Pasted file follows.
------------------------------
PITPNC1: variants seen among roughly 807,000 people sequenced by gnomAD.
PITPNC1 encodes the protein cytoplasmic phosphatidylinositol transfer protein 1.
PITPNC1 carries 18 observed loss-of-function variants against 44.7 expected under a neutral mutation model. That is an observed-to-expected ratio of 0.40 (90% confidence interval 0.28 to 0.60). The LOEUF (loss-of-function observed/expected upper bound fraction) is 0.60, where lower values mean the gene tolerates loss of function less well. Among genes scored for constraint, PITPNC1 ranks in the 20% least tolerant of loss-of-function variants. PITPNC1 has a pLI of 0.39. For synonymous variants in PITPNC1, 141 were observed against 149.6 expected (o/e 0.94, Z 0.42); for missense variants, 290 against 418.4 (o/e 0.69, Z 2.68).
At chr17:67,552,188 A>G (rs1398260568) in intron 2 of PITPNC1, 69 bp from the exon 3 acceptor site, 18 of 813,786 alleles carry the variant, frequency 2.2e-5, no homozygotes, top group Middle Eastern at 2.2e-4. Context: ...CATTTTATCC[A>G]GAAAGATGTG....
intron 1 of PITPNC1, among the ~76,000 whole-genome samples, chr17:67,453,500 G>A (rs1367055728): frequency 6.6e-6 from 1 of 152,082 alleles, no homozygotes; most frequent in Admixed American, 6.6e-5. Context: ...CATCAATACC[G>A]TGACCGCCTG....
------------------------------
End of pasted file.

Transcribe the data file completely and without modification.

PITPNC1: variants seen among roughly 807,000 people sequenced by gnomAD.
PITPNC1 encodes the protein cytoplasmic phosphatidylinositol transfer protein 1.
PITPNC1 carries 18 observed loss-of-function variants against 44.7 expected under a neutral mutation model. That is an observed-to-expected ratio of 0.40 (90% confidence interval 0.28 to 0.60). The LOEUF (loss-of-function observed/expected upper bound fraction) is 0.60, where lower values mean the gene tolerates loss of function less well. Among genes scored for constraint, PITPNC1 ranks in the 20% least tolerant of loss-of-function variants. PITPNC1 has a pLI of 0.39. For synonymous variants in PITPNC1, 141 were observed against 149.6 expected (o/e 0.94, Z 0.42); for missense variants, 290 against 418.4 (o/e 0.69, Z 2.68).
At chr17:67,552,188 A>G (rs1398260568) in intron 2 of PITPNC1, 69 bp from the exon 3 acceptor site, 18 of 813,786 alleles carry the variant, frequency 2.2e-5, no homozygotes, top group Middle Eastern at 2.2e-4. Context: ...CATTTTATCC[A>G]GAAAGATGTG....
intron 1 of PITPNC1, among the ~76,000 whole-genome samples, chr17:67,453,500 G>A (rs1367055728): frequency 6.6e-6 from 1 of 152,082 alleles, no homozygotes; most frequent in Admixed American, 6.6e-5. Context: ...CATCAATACC[G>A]TGACCGCCTG....